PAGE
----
You lost your virginity to her, went steady spring semester at the University of Wisconsin, lived most of the summer with her and her parents in Tucson. Late August, she’s meeting your family on Long Island. Erin embroiders, walks like a model, does Old Overholt shots but won’t puff weed. She’ll study her junior year at the Fashion Institute of Technology in Manhattan; you’ll return to Madison as a sophomore. You’re moping, anticipating your long separation. Eleventh hour, your father, an educator, interferes, enrolls you at a community college near home so you and Erin can see each other weekends: a recent heart attack victim, he wants you happy. He’s already informed you she’s a real stunner. You get weekend jobs, stock boy at Harwyn Shoes, sales clerk at the Limited, at the Walt Whitman Shopping Center near your parents’ house. You cohabit weekends in their basement, shrouded in the bedroom you made in the tenth grade, the exposed frame of two-by-fours stained a dark color called Jacobean and polyurethaned glossy, with batik walls, beige paisley print on deep red, tacked to the outer side. Saturday and Sunday mornings you greet your parents and younger brother and sister at the breakfast table while Erin stays in bed for twenty or thirty minutes—shyness, you assume: a year or so later, when you’re drifting apart, she’ll tell you she masturbated then. She finishes her F.I.T. stint, you earn an incidental associate in arts degree. Next August you find yourselves back in Madtown sharing a pad off campus. You embrace school. Erin never has and still doesn’t like giving blowjobs. She graduates midyear, returns to Arizona. You break up. One evening several months later you fight with your new girlfriend, drive south for an hour, stop at a phone booth near Beloit. Erin answers at her parents’ house. You tell her you’re seeing someone from near Houston. She says she’s become known as the Wild Woman of Tucson and likes cocaine because it numbs the back of her throat.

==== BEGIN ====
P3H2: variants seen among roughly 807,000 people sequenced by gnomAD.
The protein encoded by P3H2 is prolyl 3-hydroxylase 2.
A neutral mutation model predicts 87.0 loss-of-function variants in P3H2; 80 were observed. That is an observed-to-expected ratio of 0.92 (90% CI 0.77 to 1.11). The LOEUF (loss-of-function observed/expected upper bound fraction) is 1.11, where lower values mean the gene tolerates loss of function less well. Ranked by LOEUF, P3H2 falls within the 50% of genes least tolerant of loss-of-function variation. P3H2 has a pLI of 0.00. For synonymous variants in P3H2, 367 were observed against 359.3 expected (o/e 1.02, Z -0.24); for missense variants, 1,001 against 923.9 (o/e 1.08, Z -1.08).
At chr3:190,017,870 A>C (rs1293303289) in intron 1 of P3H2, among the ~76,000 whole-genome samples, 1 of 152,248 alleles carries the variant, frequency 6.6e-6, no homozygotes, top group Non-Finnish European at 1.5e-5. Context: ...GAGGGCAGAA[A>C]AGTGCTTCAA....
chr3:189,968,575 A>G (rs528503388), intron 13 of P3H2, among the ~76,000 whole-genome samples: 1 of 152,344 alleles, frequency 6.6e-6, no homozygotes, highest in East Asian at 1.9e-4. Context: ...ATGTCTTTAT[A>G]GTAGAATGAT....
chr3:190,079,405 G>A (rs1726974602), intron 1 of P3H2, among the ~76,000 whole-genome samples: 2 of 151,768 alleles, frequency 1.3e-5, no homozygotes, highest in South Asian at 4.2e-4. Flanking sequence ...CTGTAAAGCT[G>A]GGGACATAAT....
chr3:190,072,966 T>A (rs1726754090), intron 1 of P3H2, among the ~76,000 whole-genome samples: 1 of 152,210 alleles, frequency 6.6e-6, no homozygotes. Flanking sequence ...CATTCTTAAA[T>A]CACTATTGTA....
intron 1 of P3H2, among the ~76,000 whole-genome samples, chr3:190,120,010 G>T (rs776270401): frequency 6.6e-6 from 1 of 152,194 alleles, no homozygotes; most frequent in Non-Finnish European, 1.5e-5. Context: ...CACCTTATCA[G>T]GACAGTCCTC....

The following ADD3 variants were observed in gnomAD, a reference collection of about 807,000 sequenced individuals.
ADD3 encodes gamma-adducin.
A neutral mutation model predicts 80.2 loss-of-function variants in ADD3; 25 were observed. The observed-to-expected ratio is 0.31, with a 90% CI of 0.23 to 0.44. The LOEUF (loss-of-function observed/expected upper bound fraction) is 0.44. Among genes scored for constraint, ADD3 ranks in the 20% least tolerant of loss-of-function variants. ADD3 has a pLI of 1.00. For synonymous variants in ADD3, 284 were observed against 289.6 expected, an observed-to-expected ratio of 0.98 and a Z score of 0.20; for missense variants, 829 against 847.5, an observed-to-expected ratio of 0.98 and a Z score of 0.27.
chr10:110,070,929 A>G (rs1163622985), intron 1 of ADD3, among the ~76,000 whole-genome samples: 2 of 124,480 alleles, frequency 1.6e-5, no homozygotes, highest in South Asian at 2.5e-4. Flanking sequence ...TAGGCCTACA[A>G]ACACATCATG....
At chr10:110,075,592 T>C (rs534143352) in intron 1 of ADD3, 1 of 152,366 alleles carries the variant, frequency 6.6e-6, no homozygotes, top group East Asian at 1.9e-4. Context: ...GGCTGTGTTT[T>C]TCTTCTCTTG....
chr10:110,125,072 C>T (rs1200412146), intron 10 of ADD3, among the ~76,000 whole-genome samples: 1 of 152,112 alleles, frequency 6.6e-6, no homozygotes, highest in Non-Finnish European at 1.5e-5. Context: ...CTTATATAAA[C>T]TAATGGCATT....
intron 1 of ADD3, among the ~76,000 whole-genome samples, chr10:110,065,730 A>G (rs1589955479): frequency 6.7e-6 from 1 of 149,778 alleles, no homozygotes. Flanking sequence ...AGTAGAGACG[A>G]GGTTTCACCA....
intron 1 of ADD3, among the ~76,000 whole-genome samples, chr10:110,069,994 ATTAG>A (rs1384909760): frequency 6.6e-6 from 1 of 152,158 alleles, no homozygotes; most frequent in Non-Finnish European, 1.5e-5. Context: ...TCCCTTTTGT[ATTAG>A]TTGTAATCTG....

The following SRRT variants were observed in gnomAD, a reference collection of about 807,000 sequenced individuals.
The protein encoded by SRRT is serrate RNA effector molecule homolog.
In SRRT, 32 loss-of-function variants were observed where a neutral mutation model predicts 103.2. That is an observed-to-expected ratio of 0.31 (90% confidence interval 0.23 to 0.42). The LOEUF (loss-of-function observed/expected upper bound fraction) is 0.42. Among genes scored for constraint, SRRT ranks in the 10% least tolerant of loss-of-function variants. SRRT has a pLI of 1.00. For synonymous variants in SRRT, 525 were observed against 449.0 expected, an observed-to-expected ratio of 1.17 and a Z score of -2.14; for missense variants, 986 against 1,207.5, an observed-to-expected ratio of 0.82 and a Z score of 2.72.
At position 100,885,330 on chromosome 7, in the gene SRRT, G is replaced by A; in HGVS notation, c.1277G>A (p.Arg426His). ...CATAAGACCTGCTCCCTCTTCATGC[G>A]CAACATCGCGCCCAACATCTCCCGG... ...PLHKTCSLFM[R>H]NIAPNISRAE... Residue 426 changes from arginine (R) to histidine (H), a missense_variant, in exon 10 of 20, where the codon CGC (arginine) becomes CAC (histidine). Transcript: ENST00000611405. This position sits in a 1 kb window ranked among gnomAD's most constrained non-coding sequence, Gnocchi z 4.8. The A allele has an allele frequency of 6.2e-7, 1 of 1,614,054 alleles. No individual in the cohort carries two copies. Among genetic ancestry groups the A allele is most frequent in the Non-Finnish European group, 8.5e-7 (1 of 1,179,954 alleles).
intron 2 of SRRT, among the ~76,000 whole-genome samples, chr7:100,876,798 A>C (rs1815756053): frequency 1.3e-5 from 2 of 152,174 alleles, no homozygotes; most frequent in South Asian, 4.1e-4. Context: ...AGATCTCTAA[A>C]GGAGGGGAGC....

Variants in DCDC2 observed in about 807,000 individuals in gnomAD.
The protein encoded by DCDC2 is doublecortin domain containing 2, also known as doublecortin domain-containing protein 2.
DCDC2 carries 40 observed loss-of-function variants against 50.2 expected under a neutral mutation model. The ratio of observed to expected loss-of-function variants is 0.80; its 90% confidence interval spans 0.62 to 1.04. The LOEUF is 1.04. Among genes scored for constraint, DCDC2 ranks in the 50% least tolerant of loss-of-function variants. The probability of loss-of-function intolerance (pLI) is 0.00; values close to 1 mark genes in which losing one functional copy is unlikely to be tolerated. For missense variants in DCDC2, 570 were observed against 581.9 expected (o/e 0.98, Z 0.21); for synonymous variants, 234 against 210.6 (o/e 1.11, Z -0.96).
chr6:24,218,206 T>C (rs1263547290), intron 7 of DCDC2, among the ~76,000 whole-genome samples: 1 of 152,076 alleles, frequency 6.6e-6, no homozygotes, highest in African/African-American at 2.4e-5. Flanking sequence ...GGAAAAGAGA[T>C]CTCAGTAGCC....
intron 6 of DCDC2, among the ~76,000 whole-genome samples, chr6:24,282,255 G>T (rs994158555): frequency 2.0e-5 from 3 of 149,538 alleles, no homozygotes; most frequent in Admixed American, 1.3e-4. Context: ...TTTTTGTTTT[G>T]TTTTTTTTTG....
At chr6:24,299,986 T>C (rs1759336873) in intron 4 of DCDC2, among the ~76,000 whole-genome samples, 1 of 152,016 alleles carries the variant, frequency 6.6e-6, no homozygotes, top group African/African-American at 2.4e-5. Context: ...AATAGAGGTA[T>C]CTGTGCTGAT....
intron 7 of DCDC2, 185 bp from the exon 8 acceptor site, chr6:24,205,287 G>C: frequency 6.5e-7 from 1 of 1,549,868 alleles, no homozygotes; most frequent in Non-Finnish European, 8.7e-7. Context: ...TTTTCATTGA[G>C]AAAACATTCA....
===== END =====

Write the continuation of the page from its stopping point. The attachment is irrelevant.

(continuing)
Somewhere in your current basement, in a blue storage tub, folded in with a lot of other stuff you should get rid of so someday your wife or kids won’t have to, is a denim shirt of high school vintage Erin secreted in her dorm room and embroidered for your eighteenth birthday. It was too beautiful to ever wash. She sewed a Southwestern desert sunset across the entire yoke, a panorama so rich in thread, so plush, it was almost topographic: the fruiting saguaros and craggy brown mountains, the sky rippling blue, purple, red, orange, yellow. She worked on it for weeks, she told you. You guessed she’d done so on and off that entire March. Maybe she’d started even a little sooner.
And the wad of snapshots, what do you do with them? The ones of you and Erin hiking with her family’s dog, Nicky, a White Shepherd, in Saguaro National Park. Erin hugging herself in a shearling suede ranch jacket in your parents’ backyard, the monumental blue spruces snow-heavy. Of you, green eyes and sideburns and overpensive at eighteen, nineteen—certainly not the prick of her angry outburst towards the end. Neither of you looking like you deserved to be hurt.